NAJAF, Iraq (Reuters) – Prime Minister Haider al-Abadi and cleric Moqtada al-Sadr said on Saturday their political blocs would enter into an alliance, bringing Iraq one step closer to forming a new government after an election marred by low turnout and fraud allegations.
The alliance between Abadi’s Victory Alliance, which came third in a May parliamentary election, and Sadr’s Saeroon list, which won the largest number of seats, is the latest in a series of agreements between Iraqi political leaders.
“We announce a cross-sectarian, cross-ethnic alliance to speed up forming the next government and to agree on common points that guarantee the interests of the Iraqi people,” Sadr said at a news conference in the Shi’ite holy city of Najaf.
He called for a wider alliance consisting of all components of Iraqi society that would form an inclusive government.
Sadr presents himself as a non-sectarian nationalist opposed to both the United States and Iran’s influence over his country. Saeroon is an electoral alliance between Sadrist politicians, the Iraqi Communist Party, and other secular candidates.
Yet earlier in June Sadr went into an alliance with Hadi al-Amiri, a Shi’ite militia commander with close ties to Iran whose Fatih coalition came second in the election.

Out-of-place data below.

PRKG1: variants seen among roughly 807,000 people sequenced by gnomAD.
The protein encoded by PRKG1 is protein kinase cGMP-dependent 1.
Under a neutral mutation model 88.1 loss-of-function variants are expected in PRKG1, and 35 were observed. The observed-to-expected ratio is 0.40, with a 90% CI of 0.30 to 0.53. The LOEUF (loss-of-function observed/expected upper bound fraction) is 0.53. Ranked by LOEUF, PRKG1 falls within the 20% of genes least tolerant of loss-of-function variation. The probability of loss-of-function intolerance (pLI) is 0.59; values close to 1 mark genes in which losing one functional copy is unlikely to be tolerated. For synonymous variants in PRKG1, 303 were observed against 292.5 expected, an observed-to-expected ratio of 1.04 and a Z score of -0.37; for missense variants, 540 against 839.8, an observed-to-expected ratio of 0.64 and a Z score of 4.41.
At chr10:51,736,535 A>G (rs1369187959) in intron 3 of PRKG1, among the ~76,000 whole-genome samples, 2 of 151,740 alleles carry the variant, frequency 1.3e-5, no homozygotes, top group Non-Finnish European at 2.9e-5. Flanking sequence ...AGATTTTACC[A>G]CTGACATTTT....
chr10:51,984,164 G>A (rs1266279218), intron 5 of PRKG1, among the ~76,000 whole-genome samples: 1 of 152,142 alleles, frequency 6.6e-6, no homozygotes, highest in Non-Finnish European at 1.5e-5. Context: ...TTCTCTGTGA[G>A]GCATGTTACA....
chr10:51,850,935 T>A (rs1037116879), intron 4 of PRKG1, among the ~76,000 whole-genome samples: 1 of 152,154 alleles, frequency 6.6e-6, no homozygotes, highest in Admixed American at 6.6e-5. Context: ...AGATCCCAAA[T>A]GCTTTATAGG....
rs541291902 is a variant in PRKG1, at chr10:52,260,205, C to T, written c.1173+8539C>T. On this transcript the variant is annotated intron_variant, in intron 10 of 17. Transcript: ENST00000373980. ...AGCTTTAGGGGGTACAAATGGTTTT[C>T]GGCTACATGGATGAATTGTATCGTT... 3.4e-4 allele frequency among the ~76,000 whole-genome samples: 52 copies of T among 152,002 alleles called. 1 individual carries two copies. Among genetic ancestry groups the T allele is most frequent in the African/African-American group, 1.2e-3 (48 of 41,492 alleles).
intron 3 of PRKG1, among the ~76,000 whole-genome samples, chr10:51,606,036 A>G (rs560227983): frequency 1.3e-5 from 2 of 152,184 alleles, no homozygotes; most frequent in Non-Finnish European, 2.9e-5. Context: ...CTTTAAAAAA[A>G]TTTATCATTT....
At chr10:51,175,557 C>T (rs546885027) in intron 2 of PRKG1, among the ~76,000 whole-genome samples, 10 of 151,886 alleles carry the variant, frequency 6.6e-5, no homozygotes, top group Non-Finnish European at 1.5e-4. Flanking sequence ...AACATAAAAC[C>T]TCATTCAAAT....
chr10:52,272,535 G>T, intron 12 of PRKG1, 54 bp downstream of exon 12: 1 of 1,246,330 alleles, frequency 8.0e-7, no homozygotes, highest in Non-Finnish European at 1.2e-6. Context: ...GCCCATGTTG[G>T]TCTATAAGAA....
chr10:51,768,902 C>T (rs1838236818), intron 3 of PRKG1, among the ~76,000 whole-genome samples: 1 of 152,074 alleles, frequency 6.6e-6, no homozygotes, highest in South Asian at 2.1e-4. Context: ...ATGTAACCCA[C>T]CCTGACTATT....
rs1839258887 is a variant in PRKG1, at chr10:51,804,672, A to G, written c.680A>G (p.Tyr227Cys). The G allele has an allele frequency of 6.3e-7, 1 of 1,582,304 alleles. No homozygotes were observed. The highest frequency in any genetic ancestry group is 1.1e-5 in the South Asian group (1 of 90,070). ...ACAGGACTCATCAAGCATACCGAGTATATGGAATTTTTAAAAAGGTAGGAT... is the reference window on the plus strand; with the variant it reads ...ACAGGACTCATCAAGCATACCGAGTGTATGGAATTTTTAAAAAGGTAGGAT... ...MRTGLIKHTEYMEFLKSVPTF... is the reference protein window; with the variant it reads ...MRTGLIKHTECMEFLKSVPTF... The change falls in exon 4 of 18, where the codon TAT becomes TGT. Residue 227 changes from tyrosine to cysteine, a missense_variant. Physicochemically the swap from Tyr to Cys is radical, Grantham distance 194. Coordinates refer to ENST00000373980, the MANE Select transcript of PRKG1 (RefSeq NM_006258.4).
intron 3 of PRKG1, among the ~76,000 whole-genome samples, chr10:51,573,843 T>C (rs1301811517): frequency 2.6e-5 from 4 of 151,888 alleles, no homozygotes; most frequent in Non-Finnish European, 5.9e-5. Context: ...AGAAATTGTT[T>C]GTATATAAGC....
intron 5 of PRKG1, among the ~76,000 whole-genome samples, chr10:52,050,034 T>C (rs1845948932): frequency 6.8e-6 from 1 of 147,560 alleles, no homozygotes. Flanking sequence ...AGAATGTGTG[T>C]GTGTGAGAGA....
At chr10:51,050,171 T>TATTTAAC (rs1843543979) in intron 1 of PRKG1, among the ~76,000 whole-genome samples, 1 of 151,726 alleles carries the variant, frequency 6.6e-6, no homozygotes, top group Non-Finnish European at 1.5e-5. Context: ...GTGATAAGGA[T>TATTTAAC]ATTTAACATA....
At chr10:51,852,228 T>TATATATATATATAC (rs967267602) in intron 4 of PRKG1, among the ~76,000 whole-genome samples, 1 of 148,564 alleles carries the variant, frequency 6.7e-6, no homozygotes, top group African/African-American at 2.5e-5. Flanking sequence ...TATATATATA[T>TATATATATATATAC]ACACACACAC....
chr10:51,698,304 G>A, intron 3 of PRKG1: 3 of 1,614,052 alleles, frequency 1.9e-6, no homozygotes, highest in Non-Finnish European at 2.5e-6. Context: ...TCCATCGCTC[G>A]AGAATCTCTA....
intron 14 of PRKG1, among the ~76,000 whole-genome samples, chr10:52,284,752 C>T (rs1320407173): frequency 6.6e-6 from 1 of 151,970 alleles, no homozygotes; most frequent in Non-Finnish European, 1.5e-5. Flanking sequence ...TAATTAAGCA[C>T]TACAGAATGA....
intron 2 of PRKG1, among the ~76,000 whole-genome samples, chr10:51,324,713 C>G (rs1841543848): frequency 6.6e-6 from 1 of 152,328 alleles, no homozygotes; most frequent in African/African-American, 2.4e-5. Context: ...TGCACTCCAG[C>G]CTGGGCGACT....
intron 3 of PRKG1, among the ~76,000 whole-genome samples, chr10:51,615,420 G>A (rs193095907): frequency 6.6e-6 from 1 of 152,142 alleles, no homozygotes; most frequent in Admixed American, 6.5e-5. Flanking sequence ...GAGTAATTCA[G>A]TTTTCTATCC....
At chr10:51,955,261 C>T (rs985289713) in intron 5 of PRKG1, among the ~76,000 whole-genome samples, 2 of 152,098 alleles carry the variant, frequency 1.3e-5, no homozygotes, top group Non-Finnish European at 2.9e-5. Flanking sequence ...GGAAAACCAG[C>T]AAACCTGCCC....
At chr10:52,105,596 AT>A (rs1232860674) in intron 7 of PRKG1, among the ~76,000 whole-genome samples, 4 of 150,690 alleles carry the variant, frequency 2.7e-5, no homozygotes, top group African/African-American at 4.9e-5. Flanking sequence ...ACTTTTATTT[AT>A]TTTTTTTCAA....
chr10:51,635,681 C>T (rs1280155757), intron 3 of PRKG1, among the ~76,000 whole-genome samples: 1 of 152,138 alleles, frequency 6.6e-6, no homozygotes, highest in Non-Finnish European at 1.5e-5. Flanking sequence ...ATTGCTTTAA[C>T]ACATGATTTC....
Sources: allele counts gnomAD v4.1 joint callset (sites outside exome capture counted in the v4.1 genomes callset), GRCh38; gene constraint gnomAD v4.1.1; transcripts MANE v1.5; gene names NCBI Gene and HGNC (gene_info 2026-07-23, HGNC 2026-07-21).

That alliance will not be compromised by the new one with Abadi, the prime minister said.
“I affirm that this alliance is not in contrast to any other alliances either of the two lists have previously entered into with other blocs, rather, it flows in the same direction and same principles,” said Abadi.
The top three winning blocs, all Shi’ite-led, have upwards of 140 seats between them. At least 165 seats are needed to form a government although traditionally the ruling bloc in parliament tends to be larger so as to include Sunni Arab and Kurdish lawmakers.
Abadi and Sadr both called on the leaders of other blocs to meet and “agree on the coming steps” in order to speed up the formation of an inclusive Iraqi government.
Political leaders in Iraq traditionally hold such meetings after elections as part of the lengthy and often complicated process of forming a coalition government, as no one party ever wins enough seats to form a government on its own.
The process is further complicated this time round because the next parliament is born of an election marred by historically low turnout and allegations of fraud.
The outgoing parliament has mandated a nationwide manual recount of votes and Iraq’s top court upheld that move, which faced legal challenges.
Political leaders need to meet soon in order to end that “crisis” and speed up the process, Abadi said.
Reporting by Ahmed Saeed in Najaf; Writing by Ahmed Aboulenein in Baghdad; Editing by Mark Potter